Tuesday, November 1, 2011

West Coast Heart

With my ever west-facing orientation, it is hard to convince myself that this wind-peaked water is not the sea, the tree-covered land mass beyond it not an island, as the sun sets behind it all.

The way I am wired, suns set over water, into it, as it were, and slumber there until they make their ways beneath the earth to the other side of the world. They heft themselves into the sky again from behind the land, which is sometimes flat and sometimes mountainous, but always, always sprawling eastward.

The sun here is as light but does not warm in the same way it does in, say, California or Hawaii...and yet there is some promise in the warmth it does give. I have not left you for good, it sighs, lighting a blazing pathway across this water which flows, if I look closely, from one side to another, and not in heaving waves that spill themselves on the shore. Forward and back. Forward and back in the rocking motion of the sea.

No, the Hudson is a long pathway from one place to another; it is nestled in the trough of its riverbed and lays itself out across the variegated landscape. Islands have emerged directly from the ocean floor and exists in the water's salty embrace. Certainly I could drive over to Hilo, the east side of the Big Island, and see the sun rise over water. This is not the difference.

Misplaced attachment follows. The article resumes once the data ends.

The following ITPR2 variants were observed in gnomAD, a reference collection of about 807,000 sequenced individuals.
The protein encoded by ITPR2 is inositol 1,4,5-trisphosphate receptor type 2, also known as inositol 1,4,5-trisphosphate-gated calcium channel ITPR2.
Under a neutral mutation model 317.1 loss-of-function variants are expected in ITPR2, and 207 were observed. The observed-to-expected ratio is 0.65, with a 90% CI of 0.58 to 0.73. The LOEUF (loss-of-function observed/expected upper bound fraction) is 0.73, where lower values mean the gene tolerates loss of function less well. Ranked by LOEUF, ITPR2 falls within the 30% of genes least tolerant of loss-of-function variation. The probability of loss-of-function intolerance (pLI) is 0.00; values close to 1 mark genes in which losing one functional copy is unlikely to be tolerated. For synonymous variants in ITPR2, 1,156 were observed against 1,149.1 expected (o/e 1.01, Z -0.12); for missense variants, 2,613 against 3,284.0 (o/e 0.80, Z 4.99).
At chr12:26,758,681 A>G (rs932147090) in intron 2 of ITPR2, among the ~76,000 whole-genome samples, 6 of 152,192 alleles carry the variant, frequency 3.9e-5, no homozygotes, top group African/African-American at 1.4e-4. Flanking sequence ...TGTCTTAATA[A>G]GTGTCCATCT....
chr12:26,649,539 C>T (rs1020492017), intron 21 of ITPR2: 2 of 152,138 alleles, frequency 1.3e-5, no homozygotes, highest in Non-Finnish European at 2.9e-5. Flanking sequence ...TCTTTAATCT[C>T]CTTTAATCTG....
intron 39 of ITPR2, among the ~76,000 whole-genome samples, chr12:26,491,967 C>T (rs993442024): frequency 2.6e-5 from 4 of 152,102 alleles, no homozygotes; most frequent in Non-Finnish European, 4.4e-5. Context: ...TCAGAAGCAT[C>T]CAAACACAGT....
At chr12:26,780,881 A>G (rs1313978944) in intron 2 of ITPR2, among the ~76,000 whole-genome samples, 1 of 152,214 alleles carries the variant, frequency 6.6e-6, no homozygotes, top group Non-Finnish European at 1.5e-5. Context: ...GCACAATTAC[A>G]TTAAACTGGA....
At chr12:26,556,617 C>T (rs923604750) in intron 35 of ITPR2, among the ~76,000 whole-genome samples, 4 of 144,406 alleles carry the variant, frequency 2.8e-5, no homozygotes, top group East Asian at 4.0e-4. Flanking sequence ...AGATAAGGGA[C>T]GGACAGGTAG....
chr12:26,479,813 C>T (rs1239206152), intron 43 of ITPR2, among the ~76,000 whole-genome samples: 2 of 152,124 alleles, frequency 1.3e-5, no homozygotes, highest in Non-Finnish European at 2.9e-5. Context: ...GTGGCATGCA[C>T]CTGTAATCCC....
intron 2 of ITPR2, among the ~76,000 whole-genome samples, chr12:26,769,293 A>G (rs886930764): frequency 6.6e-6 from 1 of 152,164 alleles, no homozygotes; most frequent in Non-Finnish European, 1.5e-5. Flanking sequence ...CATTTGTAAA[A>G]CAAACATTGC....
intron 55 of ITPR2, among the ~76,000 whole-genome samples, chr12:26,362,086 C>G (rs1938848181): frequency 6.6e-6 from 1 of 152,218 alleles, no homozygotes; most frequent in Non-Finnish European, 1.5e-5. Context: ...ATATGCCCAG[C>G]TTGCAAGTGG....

It is the difference of the sunset, I decide. It is the difference of where the sun sleeps. Good night, sun, I whisper to the train window that separates me from the cool evening air, and it is in this way each night I relinquish the Hawaiian sunset that has become a part of my consciousness and which I know I will always carry in my West Coast heart.

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